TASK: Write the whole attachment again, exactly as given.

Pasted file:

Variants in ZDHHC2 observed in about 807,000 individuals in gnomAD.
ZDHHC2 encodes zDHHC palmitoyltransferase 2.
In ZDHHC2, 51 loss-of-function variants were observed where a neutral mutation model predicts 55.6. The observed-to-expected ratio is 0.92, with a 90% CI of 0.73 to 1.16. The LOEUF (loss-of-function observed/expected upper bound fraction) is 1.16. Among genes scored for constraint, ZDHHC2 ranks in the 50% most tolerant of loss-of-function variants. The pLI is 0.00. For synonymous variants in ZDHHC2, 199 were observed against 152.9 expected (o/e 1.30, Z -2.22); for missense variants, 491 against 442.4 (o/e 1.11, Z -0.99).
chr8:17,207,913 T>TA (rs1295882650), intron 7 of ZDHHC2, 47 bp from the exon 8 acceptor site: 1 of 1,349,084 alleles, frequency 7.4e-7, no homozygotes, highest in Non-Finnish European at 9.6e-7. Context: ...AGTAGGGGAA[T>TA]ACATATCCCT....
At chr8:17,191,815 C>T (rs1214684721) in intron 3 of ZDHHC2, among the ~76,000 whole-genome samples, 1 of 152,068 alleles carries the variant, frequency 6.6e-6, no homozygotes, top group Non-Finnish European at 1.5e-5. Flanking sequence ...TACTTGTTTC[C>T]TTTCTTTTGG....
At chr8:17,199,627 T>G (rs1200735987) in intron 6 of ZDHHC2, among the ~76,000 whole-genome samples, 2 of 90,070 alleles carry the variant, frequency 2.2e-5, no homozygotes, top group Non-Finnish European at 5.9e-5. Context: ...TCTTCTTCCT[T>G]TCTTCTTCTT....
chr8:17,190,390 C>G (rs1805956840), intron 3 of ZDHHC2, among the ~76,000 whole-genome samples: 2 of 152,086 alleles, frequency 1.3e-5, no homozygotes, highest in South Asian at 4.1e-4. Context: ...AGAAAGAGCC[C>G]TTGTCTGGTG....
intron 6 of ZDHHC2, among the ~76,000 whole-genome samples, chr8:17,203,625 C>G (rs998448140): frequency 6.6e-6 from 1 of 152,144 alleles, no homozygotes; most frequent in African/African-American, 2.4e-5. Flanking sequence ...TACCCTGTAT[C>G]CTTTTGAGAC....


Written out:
Variants in ZDHHC2 observed in about 807,000 individuals in gnomAD.
ZDHHC2 encodes zDHHC palmitoyltransferase 2.
In ZDHHC2, 51 loss-of-function variants were observed where a neutral mutation model predicts 55.6. The observed-to-expected ratio is 0.92, with a 90% CI of 0.73 to 1.16. The LOEUF (loss-of-function observed/expected upper bound fraction) is 1.16. Among genes scored for constraint, ZDHHC2 ranks in the 50% most tolerant of loss-of-function variants. The pLI is 0.00. For synonymous variants in ZDHHC2, 199 were observed against 152.9 expected (o/e 1.30, Z -2.22); for missense variants, 491 against 442.4 (o/e 1.11, Z -0.99).
chr8:17,207,913 T>TA (rs1295882650), intron 7 of ZDHHC2, 47 bp from the exon 8 acceptor site: 1 of 1,349,084 alleles, frequency 7.4e-7, no homozygotes, highest in Non-Finnish European at 9.6e-7. Context: ...AGTAGGGGAA[T>TA]ACATATCCCT....
At chr8:17,191,815 C>T (rs1214684721) in intron 3 of ZDHHC2, among the ~76,000 whole-genome samples, 1 of 152,068 alleles carries the variant, frequency 6.6e-6, no homozygotes, top group Non-Finnish European at 1.5e-5. Flanking sequence ...TACTTGTTTC[C>T]TTTCTTTTGG....
At chr8:17,199,627 T>G (rs1200735987) in intron 6 of ZDHHC2, among the ~76,000 whole-genome samples, 2 of 90,070 alleles carry the variant, frequency 2.2e-5, no homozygotes, top group Non-Finnish European at 5.9e-5. Context: ...TCTTCTTCCT[T>G]TCTTCTTCTT....
chr8:17,190,390 C>G (rs1805956840), intron 3 of ZDHHC2, among the ~76,000 whole-genome samples: 2 of 152,086 alleles, frequency 1.3e-5, no homozygotes, highest in South Asian at 4.1e-4. Context: ...AGAAAGAGCC[C>G]TTGTCTGGTG....
intron 6 of ZDHHC2, among the ~76,000 whole-genome samples, chr8:17,203,625 C>G (rs998448140): frequency 6.6e-6 from 1 of 152,144 alleles, no homozygotes; most frequent in African/African-American, 2.4e-5. Flanking sequence ...TACCCTGTAT[C>G]CTTTTGAGAC....